Two Confluence Health nurses describe some of the systemic issues they’ve been facing as new Omicron subvariant Arrive at hospitals nationwide.
When Sara Morgan Bergenholtz started at Washington Central Hospital five years ago, she considered Confluence Health the “gold standard” for nurse-to-patient ratios.
“There is a sense of community within the facility and a belief that we are really working to improve our community,” Bergenholtz said.
The ratio of nurses to patients depends on the patient’s acuity or level of care required. Depending on which unit the nurse is assigned to, each nurse can only see a certain number of patients per day.
Bergenholtz said medical oncology nurses treated a maximum of five day staff and six night staff patients compared with last year’s four day staff patients and five night staff patients.
“Currently, in our staffing, nurses are seeing seven patients at times,” Bergenholtz said. “That puts us in contingency at the pre-crisis staffing level.”
Paul Stamilio, who has been a nurse for more than 10 years, said he moved from North Carolina to Washington because of the state’s high medical standards.
It wasn’t until the pandemic hit that the two nurses saw a major cultural shift in the workplace, with stress, burnout, and strained resources further exacerbating staffing issues at Confluence and hospitals across the country.
In the wake of the COVID-19 outbreak, several nurses decided to resign early or retire, leaving Confluence Health’s remaining nurses to fill the gaps, Stamilio said.
According to the U.S. Bureau of Labor Statistics, there are 3.1 million registered nurse positions nationwide, and an estimated 203,200 registered nurse vacancies will be added each year through 2031 as nurses retire or leave the workforce.
Based on COVID-19 impact assessment poll According to a survey by the American Nurses Foundation and the American Nurses Association, 52 percent of nurses are considering leaving their jobs because of understaffing, work that negatively impacts health and well-being, and an inability to provide quality care. 60% of acute care nurses report feeling burnt out and 75% report feeling stressed, frustrated and exhausted.
“When we go to work, we’re short on money, it’s a bad day, and people die unnecessarily,” Bergenholtz said. “That’s why people leave.”
Last year, both Stamilio and Bergenholtz were transferred to the ER department. Since then, both nurses have said it is rare for either of them to take a full lunch break.
rear HB 1155 Signed into law, breaks became mandatory, and a full day was scheduled for each nurse, shifting responsibility from the nurses to the administration.
Although the law is set to go into effect in 2020, Bergenholtz said the break schedule has not been enforced for some time, and it is common for nurses to forego their lunch break due to the volume of patients.
In response to low staffing levels, several hospitals began hiring travel nurses for vacancies. However, many nurses leave the travel nurse position due to higher salaries and flexible schedules offered by travel nurse agencies.
generally, the average annual salary for a travel nurse is $103,695.It’s becoming such a lucrative business that the American Healthcare Association ask The federal COVID-19 response team stepped in.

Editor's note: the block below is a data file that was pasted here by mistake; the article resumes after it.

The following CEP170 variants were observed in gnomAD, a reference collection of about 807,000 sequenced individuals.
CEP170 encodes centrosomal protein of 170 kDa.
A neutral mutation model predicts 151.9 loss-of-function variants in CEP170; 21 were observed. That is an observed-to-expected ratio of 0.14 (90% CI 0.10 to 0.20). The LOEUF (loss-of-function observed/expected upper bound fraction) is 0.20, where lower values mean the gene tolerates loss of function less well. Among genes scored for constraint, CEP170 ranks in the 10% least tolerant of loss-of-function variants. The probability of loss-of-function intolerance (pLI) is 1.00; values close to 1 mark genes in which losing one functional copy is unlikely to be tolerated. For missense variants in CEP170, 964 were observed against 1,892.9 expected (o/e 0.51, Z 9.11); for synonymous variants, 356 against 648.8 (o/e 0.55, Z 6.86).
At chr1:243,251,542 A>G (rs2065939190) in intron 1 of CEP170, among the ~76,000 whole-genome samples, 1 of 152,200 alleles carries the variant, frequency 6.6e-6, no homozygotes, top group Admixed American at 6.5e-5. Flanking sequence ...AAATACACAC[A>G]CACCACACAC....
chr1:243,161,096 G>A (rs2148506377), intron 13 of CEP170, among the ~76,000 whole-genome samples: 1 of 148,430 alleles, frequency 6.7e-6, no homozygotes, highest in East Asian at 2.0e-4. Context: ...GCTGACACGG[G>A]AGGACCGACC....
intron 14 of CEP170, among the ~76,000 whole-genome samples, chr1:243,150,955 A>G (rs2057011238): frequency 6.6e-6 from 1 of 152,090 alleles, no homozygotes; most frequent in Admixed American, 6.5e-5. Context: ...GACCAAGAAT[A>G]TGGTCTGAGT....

“A system that works well doesn’t need to pay $5,000 a week to care for an unsafe number of patients in an ICU in Texas,” Bergenholtz said.
According to Bergenholtz, due to a lack of travel nurses, Confluence Health had to close one of their step-down wards, which is a unit for cardiac patients.
She also shared that during a recent contract negotiation with the Washington State Nurses Association (WSNA), Confluence Health agreed to hire a break nurse who would serve as a nurse while the other nurses were on break for a one-year trial.
However, Bergenholtz said she has not seen plans for this.
Stamilio attributes the lack of state funding of rural health care systems to another hurdle, with Confluence Health getting most of its funding from private insurance rather than Medicare and Medicaid reimbursements.
Funding is often strangled if hospitals take patients who are typically more difficult to discharge.
Bergenholtz noted that most of the patients they found difficult to discharge were those with advanced dementia who inevitably struggled with healthcare due to a lack of available rooms in long-term care facilities.
“Unfortunately, when [a facility] Deciding that someone is too much work for them, they functionally expel them by sending them to the emergency room and refusing to take them back,” Bergenholtz said.
There are currently two bills in the 2023 state legislative session that address some of the issues nurses face.
SB 5236 is a bill that proposes to establish minimum staffing standards in hospitals, requires hospital staffing committees to develop staffing plans that address mandatory overtime, lunch and break breaks, and Provide law enforcement.
The bill is similar to 2022 Legislative Session, a similar requirement is made.Washington State Hospital Association Objects two bills From last year to this year billpointing out that this would negatively impact patient visits.
The second bill is SB 5103which proposes paying hospital bills for hard-to-discharge Medicaid patients who are in the hospital waiting to be discharged to a long-term care facility or return to the community.
“Whatever you wish for health care, the fact is we live in a for-profit system, and if the legislature doesn’t take that seriously and care about the most vulnerable in our communities, the problem will continue to get worse,” Bergenholtz concluded.
Confluence Health declined to comment.